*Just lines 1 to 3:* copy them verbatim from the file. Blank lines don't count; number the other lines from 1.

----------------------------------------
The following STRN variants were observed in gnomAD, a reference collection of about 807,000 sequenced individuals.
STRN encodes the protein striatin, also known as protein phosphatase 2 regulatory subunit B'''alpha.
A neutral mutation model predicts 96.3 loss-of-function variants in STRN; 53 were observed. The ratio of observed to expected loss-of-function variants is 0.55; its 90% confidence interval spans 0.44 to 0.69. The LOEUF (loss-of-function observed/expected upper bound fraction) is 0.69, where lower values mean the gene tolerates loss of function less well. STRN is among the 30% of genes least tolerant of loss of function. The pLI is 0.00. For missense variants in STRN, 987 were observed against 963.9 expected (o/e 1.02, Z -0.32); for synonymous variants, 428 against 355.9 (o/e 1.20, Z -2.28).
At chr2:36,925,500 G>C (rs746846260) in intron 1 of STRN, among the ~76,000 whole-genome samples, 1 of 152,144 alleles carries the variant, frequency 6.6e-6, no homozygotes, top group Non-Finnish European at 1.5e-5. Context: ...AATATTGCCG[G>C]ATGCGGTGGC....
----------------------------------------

The following STRN variants were observed in gnomAD, a reference collection of about 807,000 sequenced individuals.
STRN encodes the protein striatin, also known as protein phosphatase 2 regulatory subunit B'''alpha.
A neutral mutation model predicts 96.3 loss-of-function variants in STRN; 53 were observed. The ratio of observed to expected loss-of-function variants is 0.55; its 90% confidence interval spans 0.44 to 0.69. The LOEUF (loss-of-function observed/expected upper bound fraction) is 0.69, where lower values mean the gene tolerates loss of function less well. STRN is among the 30% of genes least tolerant of loss of function. The pLI is 0.00. For missense variants in STRN, 987 were observed against 963.9 expected (o/e 1.02, Z -0.32); for synonymous variants, 428 against 355.9 (o/e 1.20, Z -2.28).